Sunday 21 August 2016

Energy measurement with Domoticz and Grafana. Yes, it's easy!

A while ago I started tracking the power and gas consumption at home. To do this I read the meters every sunday afternoon and this gave me some insight in the power consumption. Unfortunately this also means that you have the measurement resolution of a week, so you can't really change your habits and see the effect on power/gas consumption.

Sunday 14 August 2016

11 Months Later: About productivity and mental health as a software dev

Recently I was asked whether I could share the tips and tricks that I still implement from my post from about 11 months ago. At first, I wasn't even sure that I would be able to name things I've learned and managed to keep doing.

Then I started thinking: is it even important that I can name them? Do I have to be consciously aware of the improvements I've made? But maybe the more important thing to realise is: even if I gain a single improvement from reading a book, something tiny that I did not do before, it is a gain and it is worth it! On top of that, everyones situation is different. This is why the stuff that helped me might not necessarily work for you.

So in my opinion books like these should be used more like frameworks, toolboxes, but not as a manual or bible. Similar to how this post describes the concept of Scrum implementation:
The Scrum framework leaves different options and tactics to play the game, ways that are at any time adopted to the context and circumstances.
Even if you implement only a small subset of the possibilities that Scrum provides, you're still benefiting from it and you can choose to combine it with other tools within (or even outside) the Scrum framework to streamline (optimise, improve, whatever) your work(flow) even more. This is something that is explained based on examples and anecdotes in the book Scrum & XP from the trenches, which you can download for free!

In conclusion

While I don't want to sum up the things I do better because they might not work for you, I'll list the things I currently do and things that I wish I would be better at implementing. These are from Blueprint of a productive programmer as the other book (Becoming a better programmer) is basically a huge list of great advice that you should probably read every 4 weeks until you really think you're implementing > 10% of it :).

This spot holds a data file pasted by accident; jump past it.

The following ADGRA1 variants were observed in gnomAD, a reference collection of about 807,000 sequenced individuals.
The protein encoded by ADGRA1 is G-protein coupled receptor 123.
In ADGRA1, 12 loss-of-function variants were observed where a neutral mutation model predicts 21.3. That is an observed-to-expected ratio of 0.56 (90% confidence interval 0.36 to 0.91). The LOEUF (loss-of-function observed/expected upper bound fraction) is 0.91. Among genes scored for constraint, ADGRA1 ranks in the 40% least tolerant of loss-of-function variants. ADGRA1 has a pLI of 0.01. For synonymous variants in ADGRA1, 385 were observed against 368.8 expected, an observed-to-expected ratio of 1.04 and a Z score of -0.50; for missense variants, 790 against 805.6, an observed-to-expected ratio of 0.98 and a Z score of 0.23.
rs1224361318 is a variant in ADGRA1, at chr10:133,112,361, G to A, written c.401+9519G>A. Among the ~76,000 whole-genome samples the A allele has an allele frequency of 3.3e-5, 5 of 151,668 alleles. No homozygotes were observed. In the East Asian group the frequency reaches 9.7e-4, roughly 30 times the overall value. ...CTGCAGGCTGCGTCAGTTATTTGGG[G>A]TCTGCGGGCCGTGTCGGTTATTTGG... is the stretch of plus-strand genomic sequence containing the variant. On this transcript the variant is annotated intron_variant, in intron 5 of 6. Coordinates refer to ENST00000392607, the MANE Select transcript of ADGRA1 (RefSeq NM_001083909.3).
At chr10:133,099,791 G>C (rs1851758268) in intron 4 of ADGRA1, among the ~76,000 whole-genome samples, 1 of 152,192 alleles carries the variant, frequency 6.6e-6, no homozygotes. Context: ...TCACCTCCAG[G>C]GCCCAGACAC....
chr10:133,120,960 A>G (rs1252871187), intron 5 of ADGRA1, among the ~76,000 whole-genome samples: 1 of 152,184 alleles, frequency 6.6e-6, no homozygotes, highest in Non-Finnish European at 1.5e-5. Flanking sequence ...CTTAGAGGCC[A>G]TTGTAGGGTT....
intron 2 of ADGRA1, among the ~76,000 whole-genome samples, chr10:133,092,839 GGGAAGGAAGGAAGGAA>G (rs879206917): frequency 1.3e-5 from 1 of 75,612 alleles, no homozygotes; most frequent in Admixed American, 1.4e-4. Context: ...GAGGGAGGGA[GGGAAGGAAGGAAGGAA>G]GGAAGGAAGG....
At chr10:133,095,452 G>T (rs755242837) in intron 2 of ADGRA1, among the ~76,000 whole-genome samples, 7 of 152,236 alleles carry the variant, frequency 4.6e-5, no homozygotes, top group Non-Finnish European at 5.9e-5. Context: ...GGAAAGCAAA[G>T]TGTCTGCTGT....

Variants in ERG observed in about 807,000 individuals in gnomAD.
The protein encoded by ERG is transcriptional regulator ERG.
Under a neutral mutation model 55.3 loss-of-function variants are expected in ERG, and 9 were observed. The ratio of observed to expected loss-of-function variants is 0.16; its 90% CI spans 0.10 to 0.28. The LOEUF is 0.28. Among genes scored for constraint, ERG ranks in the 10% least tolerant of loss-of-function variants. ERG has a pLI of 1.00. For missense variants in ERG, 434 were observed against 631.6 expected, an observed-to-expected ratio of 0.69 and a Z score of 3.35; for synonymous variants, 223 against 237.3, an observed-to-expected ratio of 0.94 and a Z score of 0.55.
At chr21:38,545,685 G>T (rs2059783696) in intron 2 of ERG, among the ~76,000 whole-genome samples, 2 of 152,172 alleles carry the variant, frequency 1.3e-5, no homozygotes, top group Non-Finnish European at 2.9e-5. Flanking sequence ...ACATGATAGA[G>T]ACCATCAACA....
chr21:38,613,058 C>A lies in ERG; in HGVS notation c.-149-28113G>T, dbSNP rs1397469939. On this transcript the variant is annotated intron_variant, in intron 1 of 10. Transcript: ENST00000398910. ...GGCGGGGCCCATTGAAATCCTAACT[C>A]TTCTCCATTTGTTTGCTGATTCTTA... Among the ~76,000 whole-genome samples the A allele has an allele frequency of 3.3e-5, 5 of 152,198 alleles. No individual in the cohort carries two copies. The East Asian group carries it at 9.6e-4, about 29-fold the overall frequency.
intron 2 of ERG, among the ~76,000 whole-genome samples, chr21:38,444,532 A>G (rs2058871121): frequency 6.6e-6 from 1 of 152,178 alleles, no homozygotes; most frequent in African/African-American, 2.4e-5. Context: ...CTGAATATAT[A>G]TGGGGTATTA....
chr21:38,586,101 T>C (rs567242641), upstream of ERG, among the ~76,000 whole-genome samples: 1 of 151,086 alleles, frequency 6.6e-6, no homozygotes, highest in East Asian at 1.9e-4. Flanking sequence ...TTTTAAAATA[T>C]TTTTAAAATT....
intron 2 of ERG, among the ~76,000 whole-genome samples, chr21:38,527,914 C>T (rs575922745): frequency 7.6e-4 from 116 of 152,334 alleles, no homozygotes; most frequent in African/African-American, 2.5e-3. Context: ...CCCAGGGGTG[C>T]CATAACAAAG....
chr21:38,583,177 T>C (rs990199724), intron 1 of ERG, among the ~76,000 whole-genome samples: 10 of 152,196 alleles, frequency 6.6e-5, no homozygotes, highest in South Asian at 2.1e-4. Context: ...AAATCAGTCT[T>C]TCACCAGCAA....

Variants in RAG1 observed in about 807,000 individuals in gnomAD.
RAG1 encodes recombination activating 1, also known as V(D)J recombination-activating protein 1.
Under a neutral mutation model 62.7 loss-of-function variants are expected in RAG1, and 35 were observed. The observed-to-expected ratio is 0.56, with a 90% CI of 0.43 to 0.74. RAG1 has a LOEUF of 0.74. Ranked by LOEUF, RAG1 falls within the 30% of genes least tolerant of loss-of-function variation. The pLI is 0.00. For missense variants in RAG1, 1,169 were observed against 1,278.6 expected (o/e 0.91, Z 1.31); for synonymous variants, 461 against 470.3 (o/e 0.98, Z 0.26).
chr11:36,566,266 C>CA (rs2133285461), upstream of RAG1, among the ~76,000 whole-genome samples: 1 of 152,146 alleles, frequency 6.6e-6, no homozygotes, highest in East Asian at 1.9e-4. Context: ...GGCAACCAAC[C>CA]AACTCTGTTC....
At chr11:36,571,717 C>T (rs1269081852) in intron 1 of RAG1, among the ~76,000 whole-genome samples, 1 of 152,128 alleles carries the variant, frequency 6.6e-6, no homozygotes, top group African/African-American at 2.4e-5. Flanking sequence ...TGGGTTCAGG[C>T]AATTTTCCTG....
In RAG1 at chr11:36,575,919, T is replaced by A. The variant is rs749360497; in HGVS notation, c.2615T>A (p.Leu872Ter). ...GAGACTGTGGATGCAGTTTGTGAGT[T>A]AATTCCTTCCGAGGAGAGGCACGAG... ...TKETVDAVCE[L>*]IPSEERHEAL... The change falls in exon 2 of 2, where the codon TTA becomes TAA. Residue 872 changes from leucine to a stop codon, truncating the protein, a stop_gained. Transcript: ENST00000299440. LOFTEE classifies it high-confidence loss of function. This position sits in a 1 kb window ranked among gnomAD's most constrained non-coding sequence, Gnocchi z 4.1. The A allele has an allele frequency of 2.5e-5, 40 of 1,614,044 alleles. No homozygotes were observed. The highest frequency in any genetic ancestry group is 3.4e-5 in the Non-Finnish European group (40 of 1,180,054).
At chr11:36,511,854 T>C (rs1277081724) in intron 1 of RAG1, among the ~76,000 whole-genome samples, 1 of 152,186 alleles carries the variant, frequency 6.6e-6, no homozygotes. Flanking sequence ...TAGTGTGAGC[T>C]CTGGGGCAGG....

Things I have learned and am able to implement (at least partially):

  • Chapter 2 from Blueprint of a productive programmer: 
    • Minimise Distractions, Stay off Facebook (I actually uninstalled FB and WhatsApp from my phone)
    • Avoid meetings (unless it's REALLY clear what needs to be discussed for both parties and other means of communication will NOT suffice)
    • Commit to repository often (especially if you have trouble focussing because of stuff like A.D.D.)
Stuff that I really want to do better (but have forgotten to actually keep doing)
  • Chapter 5 from Blueprint of a productive programmer:
    • Eat the right food
    • Take regular breaks
    • Prevent or treat RSI
At the same time I found the book as a whole to give me a great insight in overall pitfalls in your daily routines as a programmer. If you're a programmer (and even if you're a pretty good programmer) I'm sure you will gain something from reading it :). Again, here are the books:

Becoming a better programmer by Pete Goodliffe:

O'Reilly StoreAmazon (Kindle)

The Blueprint for a Productive Programmer by Moshfegh Hamedani:

Amazon ebook

Monday 8 August 2016

Tidying up the "server room"

I have a NAS, a UPS, a Powerline adapter, a Philips Hue Bridge, an OpenTherm Gateway, and an OpenPi (Raspberry Pi Compute Module breakout board) in the hallway closet. There also was a 2nd gen Airport Extreme, but it has been replaced with a less power-hungry and more performant alternative. But even then, it was an utter mess.

Unfortunately I have forgotten to make a 'before' picture, but I assure you, the empty space next to the NAS was filled with the items listed above. Wires everywhere. And even removing the Airport did not solve this.

Then I decided, everything with mounting holes has to hang on the wall. And sometimes it's these small things that make a big difference. Mounting a piece of wood to the wall and putting some screws in allowed me to reduce the cable clutter (most of the cables can now be tucked away behind the NAS) and because the devices aren't laying all across the place, power cables are now routed together in a bundle.

Now the only thing I have to do is wall mount the OpenPi. But I'll do that some other day. Even small improvements like this can make a great difference: it's so much easier to service a device without accidentally unplugging something else! Do yourself a favour and go after the low hanging fruit. You'll thank yourself later :)

A picture of my "server room", the top part of our hallway closet.